The following are just a few examples illustrating how this time, the protests aren’t welcome:

A CNN reporter was openly contemptuous of the tea parties; she was more interested in arguing with attendees and criticizing her cable competition than simply reporting the facts. (Later, her contract was not renewed, but it is not clear if this kind of “reporting” had anything to do with it.)
CNN and MSNBC hosts and guests used vulgar terminology on the air to describe tea party attendees.

WSJ: France Fights Universal Care’s High Cost

Sunday, August 9th, 2009

France Gets a Clue [Kathryn Jean Lopez]
Just as we lose our minds. From the Wall Street Journal:

France Fights Universal Care’s High Cost
When Laure Cuccarolo went into early labor on a recent Sunday night in a village in southern France, her only choice was to ask the local fire brigade to whisk her to a hospital 30 miles away. A closer one had been shuttered by cost cuts in France’s universal health system. Ms. Cuccarolo’s little girl was born in a firetruck.

Bob Owens: Why the Marine Social Media Ban May Not Go Far Enough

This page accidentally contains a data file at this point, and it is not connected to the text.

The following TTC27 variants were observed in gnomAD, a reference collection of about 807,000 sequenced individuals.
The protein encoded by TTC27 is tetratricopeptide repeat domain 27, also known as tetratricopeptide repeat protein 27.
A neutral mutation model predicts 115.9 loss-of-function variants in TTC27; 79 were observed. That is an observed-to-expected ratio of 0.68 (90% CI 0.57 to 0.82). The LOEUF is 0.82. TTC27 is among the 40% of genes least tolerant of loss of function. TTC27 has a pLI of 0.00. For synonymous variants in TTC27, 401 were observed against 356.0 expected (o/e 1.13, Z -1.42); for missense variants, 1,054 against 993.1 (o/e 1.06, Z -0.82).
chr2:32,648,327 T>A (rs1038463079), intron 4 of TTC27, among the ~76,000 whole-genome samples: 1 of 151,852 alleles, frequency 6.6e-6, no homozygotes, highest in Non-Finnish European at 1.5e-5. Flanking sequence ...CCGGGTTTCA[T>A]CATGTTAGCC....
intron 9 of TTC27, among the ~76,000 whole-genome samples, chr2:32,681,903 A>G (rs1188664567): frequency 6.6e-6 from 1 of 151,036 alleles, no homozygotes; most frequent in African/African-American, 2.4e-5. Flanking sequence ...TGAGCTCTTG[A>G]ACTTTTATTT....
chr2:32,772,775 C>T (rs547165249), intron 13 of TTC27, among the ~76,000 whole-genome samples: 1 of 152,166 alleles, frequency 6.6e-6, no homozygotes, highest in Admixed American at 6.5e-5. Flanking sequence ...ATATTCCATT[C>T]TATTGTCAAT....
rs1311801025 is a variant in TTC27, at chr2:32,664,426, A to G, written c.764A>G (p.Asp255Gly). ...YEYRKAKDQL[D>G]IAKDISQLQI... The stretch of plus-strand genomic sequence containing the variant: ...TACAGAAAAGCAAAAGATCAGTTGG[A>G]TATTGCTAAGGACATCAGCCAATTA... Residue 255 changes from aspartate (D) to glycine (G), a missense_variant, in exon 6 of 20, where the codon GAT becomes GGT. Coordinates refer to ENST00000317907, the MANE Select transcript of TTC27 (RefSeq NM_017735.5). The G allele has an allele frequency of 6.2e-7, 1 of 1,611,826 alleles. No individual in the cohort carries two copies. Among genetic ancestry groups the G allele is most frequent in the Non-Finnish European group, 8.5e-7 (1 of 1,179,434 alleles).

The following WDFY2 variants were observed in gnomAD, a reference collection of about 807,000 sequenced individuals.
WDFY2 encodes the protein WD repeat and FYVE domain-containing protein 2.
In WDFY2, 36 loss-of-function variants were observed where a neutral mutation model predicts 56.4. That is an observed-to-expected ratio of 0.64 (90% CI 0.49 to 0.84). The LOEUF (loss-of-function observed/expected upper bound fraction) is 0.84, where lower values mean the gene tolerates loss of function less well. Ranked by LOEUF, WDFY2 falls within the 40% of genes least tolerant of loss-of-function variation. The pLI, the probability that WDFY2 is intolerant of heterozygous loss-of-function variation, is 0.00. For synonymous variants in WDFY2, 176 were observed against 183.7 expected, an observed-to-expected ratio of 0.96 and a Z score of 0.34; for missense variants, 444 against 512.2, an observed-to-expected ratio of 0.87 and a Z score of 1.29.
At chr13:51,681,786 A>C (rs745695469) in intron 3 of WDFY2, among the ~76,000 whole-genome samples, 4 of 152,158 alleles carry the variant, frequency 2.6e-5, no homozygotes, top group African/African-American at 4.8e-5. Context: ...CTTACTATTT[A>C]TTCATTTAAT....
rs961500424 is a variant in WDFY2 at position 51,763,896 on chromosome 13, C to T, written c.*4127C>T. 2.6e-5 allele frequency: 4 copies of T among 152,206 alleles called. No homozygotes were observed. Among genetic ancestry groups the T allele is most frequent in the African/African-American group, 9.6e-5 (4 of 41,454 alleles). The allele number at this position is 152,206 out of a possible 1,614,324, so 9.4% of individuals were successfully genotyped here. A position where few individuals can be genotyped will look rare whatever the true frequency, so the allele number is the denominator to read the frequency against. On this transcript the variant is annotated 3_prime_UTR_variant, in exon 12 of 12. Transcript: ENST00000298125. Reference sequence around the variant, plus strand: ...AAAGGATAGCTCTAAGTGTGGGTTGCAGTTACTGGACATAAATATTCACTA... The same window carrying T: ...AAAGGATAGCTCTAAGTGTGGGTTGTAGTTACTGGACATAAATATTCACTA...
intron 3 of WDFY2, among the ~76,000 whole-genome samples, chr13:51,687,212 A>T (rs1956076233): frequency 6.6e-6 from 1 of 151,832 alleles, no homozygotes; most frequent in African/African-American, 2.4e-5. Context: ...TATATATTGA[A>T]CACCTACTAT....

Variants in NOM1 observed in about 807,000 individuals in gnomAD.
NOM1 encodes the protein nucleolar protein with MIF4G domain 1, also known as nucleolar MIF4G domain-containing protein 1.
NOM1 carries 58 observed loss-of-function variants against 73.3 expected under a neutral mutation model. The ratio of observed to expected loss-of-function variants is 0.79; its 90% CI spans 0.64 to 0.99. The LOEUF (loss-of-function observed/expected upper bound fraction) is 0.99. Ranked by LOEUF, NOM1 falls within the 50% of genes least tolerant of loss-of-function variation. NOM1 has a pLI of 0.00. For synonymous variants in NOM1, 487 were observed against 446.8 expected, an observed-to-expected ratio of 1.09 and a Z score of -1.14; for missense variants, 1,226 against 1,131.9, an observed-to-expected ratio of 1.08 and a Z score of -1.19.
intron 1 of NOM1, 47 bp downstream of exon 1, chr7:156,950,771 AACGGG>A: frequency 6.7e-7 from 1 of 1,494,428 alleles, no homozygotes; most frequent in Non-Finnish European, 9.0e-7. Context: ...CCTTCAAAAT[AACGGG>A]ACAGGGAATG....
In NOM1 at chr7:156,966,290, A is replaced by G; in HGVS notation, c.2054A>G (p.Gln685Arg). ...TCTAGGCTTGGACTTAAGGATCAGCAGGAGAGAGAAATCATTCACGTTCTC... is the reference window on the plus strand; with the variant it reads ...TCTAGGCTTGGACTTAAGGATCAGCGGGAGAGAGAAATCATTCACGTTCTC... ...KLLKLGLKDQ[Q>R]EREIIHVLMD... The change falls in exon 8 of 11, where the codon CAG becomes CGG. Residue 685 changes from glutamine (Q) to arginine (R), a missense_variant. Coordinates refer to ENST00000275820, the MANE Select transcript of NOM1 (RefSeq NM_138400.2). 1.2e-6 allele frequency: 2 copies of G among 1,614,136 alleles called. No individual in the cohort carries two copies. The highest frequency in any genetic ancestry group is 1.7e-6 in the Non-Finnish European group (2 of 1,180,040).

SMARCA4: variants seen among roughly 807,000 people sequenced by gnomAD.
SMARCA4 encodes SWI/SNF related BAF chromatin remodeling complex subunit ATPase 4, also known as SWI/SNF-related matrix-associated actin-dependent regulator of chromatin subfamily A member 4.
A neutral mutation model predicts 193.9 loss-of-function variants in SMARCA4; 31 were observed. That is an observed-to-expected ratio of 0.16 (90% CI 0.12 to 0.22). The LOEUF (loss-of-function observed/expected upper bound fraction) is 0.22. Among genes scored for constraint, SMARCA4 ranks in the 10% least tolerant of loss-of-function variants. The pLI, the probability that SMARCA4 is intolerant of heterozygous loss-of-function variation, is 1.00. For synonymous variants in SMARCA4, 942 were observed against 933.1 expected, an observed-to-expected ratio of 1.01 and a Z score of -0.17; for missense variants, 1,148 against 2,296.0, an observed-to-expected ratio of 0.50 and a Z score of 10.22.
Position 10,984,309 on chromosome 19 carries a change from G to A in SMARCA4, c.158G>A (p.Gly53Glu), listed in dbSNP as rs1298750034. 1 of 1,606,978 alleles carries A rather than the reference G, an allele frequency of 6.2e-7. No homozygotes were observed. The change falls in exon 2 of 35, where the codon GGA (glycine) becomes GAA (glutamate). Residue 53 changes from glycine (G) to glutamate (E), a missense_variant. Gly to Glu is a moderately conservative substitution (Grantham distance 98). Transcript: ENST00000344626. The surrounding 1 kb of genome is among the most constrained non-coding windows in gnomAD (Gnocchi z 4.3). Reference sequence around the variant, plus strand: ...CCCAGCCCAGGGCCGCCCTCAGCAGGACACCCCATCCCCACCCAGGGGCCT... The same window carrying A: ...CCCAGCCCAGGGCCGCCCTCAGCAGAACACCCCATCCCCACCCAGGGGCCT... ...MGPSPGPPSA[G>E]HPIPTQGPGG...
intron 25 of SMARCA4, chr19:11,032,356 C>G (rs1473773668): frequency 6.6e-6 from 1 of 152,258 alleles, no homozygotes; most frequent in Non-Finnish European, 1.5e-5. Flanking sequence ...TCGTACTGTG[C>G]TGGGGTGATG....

Sunday, August 9th, 2009

An immediate ban on commercial social media sites such as Facebook, Twitter, and MySpace went into effect for all Marine Corps personnel using the unclassified Marine Corps Enterprise Network (MCEN) NIPRNET this past Monday. This ban does not affect the personal use of social media by Marines on their own private computers or wired devices.

But perhaps it should.

The Scandal that Helped Merkel Become Chancellor — Gerd Langguth

Sunday, August 9th, 2009

The Christian Democratic Union’s donor scandal of the 1990s led to the political fall of former Chancellor Helmut Kohl and the party’s chairman. Their sudden departure from the stage led to Angela Merkel’s swift rise. Without the affair, she might never have become chancellor.

Angela Merkel should be grateful to Karlheinz Schreiber. After 10 years, Canadian officials this week extradited the former arms lobbyist and he will soon face charges of tax evasion, fraud and bribery in Germany. Without him, she would not be where she is now: the Chancellor of Germany and, according to Forbes magazine, the most powerful woman in the world.